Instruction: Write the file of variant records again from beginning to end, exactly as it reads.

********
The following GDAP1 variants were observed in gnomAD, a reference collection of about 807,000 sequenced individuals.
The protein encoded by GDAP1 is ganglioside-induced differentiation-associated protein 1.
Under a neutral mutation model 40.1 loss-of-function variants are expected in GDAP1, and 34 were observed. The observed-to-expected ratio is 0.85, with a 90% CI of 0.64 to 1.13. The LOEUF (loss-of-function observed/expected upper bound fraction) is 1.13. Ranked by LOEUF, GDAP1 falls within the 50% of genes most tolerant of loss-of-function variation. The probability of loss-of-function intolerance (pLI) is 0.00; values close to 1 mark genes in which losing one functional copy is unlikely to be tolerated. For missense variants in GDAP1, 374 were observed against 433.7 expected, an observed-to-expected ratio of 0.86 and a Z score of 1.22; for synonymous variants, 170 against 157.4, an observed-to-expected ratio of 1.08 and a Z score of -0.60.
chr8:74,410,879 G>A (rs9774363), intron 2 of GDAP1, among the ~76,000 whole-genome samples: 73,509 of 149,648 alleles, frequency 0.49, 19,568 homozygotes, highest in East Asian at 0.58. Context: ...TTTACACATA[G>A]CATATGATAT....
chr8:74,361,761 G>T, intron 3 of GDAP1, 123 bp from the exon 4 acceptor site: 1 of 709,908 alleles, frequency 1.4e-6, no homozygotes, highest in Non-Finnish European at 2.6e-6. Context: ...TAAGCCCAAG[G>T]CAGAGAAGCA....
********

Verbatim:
The following GDAP1 variants were observed in gnomAD, a reference collection of about 807,000 sequenced individuals.
The protein encoded by GDAP1 is ganglioside-induced differentiation-associated protein 1.
Under a neutral mutation model 40.1 loss-of-function variants are expected in GDAP1, and 34 were observed. The observed-to-expected ratio is 0.85, with a 90% CI of 0.64 to 1.13. The LOEUF (loss-of-function observed/expected upper bound fraction) is 1.13. Ranked by LOEUF, GDAP1 falls within the 50% of genes most tolerant of loss-of-function variation. The probability of loss-of-function intolerance (pLI) is 0.00; values close to 1 mark genes in which losing one functional copy is unlikely to be tolerated. For missense variants in GDAP1, 374 were observed against 433.7 expected, an observed-to-expected ratio of 0.86 and a Z score of 1.22; for synonymous variants, 170 against 157.4, an observed-to-expected ratio of 1.08 and a Z score of -0.60.
chr8:74,410,879 G>A (rs9774363), intron 2 of GDAP1, among the ~76,000 whole-genome samples: 73,509 of 149,648 alleles, frequency 0.49, 19,568 homozygotes, highest in East Asian at 0.58. Context: ...TTTACACATA[G>A]CATATGATAT....
chr8:74,361,761 G>T, intron 3 of GDAP1, 123 bp from the exon 4 acceptor site: 1 of 709,908 alleles, frequency 1.4e-6, no homozygotes, highest in Non-Finnish European at 2.6e-6. Context: ...TAAGCCCAAG[G>T]CAGAGAAGCA....